Ciara O’Keeffe, our VP of Product and Customers Delivery and internal comms expert, is presenting the ‘Five Steps to App Success’ webinar in conjunction with Newsweaver. The webinar is taking place on the 27th April, 11am EDT/ 4pm BST and will guide you through the steps required to achieve success in using apps within internal communications. Click here to sign up.
Before taking you through the App Success journey, Ciara has provided her insights into the consumerisation of enterprise apps and why apps are becoming a popular tool of choice for internal communications departments.
The consumerisation of enterprise apps
A revolution isn’t only happening in terms of mobile communications but there’s also one happening in enterprise technology. The quality of emerging technology being introduced into the enterprise is more akin to consumer technology standards. Apps are leading the charge.
What do I mean by consumerisation of enterprise apps? There are two aspects to the explanation – using non-business apps in the enterprise, for example, individuals using the note taking app Evernote, to meet both personal and work needs. The other meaning of ‘consumerisation of enterprise apps’ is the move towards developing apps for the enterprise that employees actually want to use. They have the same engaging user experience as consumer apps and they challenge the perception of enterprise tools being boring, second-rate to consumer, something employees dread using and something lacking good user experience (UX) and user interface (UI).
There’s a common misconception that in order to have a secure, business-friendly, IT-friendly tool, it must be plain and hard to use – they’re the trade-offs for enterprise. This isn’t true. The new generation of developers, who are focusing on apps, are challenging this norm. Think visual, gamified, simple, clean, engaging, cool, and most importantly they have the wow factor. When you show them to your employees they will ask, “Really, I can have this?”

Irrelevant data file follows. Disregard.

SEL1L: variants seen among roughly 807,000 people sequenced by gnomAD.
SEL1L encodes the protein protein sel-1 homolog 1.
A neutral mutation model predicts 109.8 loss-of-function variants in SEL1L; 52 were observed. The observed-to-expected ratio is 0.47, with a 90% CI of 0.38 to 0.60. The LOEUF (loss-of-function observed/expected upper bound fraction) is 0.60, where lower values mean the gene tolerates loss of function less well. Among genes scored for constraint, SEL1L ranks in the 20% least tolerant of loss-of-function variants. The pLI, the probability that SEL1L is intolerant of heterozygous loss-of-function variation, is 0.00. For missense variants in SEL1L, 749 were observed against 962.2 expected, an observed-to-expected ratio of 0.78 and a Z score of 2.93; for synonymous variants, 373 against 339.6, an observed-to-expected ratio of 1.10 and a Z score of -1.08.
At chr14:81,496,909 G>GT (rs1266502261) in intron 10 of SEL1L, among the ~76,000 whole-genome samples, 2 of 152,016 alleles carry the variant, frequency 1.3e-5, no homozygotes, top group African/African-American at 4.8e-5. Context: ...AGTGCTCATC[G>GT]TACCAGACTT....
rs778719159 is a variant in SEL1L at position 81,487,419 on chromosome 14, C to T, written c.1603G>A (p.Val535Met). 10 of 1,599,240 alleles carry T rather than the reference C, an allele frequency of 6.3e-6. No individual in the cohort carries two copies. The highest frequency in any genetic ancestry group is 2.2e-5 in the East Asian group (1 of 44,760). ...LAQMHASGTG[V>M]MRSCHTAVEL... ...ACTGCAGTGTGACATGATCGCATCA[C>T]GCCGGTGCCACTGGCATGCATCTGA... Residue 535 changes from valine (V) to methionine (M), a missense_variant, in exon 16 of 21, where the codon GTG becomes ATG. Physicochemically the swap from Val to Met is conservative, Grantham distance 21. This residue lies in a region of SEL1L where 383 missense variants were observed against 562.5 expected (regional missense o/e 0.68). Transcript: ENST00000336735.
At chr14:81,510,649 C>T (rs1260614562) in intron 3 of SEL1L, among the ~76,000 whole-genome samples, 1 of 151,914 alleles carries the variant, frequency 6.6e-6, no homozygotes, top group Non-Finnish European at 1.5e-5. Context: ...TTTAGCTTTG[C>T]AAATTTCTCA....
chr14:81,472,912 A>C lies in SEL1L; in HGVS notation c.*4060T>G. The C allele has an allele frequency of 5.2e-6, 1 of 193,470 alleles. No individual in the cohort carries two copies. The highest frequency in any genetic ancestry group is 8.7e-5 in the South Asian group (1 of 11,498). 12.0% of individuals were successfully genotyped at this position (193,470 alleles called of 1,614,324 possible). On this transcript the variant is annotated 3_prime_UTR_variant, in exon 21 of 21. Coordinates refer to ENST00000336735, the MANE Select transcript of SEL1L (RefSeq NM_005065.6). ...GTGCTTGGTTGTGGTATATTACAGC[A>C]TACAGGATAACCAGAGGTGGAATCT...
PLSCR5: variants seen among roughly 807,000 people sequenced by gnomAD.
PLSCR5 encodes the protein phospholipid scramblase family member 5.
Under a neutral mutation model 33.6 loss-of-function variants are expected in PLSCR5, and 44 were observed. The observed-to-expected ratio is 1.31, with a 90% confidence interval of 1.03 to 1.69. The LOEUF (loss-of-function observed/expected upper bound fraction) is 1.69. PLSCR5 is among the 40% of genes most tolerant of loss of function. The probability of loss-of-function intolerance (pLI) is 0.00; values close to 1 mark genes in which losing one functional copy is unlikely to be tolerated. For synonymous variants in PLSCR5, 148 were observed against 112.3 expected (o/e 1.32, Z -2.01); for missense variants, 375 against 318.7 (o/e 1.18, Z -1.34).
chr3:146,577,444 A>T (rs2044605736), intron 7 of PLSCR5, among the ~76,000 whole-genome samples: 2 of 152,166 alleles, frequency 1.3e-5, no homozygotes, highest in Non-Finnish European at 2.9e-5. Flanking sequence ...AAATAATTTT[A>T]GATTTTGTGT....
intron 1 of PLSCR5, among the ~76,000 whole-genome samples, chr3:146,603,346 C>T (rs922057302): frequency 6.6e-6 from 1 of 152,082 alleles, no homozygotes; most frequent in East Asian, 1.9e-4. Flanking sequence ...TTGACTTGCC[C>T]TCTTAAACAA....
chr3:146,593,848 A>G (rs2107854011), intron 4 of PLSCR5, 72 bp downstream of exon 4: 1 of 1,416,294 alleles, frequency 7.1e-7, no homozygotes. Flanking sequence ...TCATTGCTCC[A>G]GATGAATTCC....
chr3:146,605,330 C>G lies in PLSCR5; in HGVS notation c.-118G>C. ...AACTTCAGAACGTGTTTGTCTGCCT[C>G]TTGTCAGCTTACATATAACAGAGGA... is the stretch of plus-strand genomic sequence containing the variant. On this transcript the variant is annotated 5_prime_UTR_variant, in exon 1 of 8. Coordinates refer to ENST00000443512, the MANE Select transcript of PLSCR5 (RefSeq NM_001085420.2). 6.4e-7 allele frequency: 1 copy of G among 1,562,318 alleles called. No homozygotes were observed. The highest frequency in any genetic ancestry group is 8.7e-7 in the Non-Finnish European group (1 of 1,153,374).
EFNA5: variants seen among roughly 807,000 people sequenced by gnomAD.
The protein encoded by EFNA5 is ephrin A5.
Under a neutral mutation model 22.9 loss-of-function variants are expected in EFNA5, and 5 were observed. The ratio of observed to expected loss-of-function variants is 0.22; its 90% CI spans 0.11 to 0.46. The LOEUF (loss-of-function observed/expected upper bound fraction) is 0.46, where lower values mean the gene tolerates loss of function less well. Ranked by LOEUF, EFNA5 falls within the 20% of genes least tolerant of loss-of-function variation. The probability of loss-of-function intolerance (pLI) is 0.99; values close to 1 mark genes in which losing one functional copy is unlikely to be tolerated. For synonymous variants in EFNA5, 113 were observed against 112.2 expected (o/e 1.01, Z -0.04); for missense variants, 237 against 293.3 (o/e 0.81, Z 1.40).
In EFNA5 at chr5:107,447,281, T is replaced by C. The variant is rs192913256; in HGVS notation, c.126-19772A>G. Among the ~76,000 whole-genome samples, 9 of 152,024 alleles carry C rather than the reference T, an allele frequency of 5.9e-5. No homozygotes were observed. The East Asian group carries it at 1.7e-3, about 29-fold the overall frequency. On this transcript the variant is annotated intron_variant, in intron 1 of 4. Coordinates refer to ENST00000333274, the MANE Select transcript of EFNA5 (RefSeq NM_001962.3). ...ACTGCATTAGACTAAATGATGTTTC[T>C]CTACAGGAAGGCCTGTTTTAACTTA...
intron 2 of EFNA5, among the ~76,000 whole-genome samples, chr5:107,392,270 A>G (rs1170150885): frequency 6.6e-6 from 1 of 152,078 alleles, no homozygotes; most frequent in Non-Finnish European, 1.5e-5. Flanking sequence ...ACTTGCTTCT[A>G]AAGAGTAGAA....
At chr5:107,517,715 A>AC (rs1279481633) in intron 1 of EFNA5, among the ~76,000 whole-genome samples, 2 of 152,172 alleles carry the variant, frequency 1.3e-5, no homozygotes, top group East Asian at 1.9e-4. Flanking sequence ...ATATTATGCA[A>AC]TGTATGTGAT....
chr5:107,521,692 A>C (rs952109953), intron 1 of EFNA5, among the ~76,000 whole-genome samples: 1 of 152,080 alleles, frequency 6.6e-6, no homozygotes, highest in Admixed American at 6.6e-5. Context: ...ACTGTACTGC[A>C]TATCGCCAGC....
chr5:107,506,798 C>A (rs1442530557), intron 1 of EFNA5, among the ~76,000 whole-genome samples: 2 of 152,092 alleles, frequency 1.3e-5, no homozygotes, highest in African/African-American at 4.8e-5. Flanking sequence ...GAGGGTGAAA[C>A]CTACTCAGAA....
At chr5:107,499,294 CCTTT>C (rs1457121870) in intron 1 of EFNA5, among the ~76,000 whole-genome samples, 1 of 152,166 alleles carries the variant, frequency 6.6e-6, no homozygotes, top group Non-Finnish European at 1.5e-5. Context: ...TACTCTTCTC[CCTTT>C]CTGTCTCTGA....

Why apps are gaining popularity in IC and why they’re different to ‘traditional’ channels
Considering all of the above, it’s clear that there are ready opportunities for apps in internal communications. There are a number of companies already using apps, but for limited campaigns and events. The reason for this is that it’s easier to get these signed off by the relevant departments such as IT, security and legal. The problem with using apps for transient projects and campaigns is that employees start to treat them as such, transient. When you try to launch a more long-term app, employees may have already reached their ‘app ceiling’ and imagine the app will just go away, if ignored.
However, if planned well, apps can add enormous and long-term value to an enterprise. For example, Intel found that staff members freed up nearly an hour a day thanks to mobile efficiencies (Deploying Tablets Safely in Manufacturing to Boost Productivity. [email protected] Intel. May 2013), which if spread throughout the entire enterprise would greatly reduce the cost of doing business.
An obvious focus point with apps, campaigns and enterprise would be in the areas of HR and Internal Comms. Both functions have to manage numerous events, campaigns and on-going employee engagement throughout the year. Finding one or a small number of apps to use internally, which will flex to accommodate all requirements throughout the year would be a better way to encourage employee adoption, engagement and participation.
How do apps compare to more traditional channels, such as the intranet, an enterprise social network, magazine, etc.?
- Apps are easy to launch
- Most apps don’t require training, they come with a well thought-through user-on boarding flow; basically a very light tutorial to get the user started.
- If you buy an app off the shelf, i.e. pre-built rather than building it yourself, then they’re far cheaper.
- The best thing about an app is that they’re easy to access and always with you, as you have to admit; your phone is always with you.
According to the Meeker Internet Trends Report, smartphone users reach for their phone 150 times a day on average. The challenge then is to make the enterprise apps as appealing as the employee’s chosen apps, so they access it and engage with it during, even a quarter of those 150 touch-points.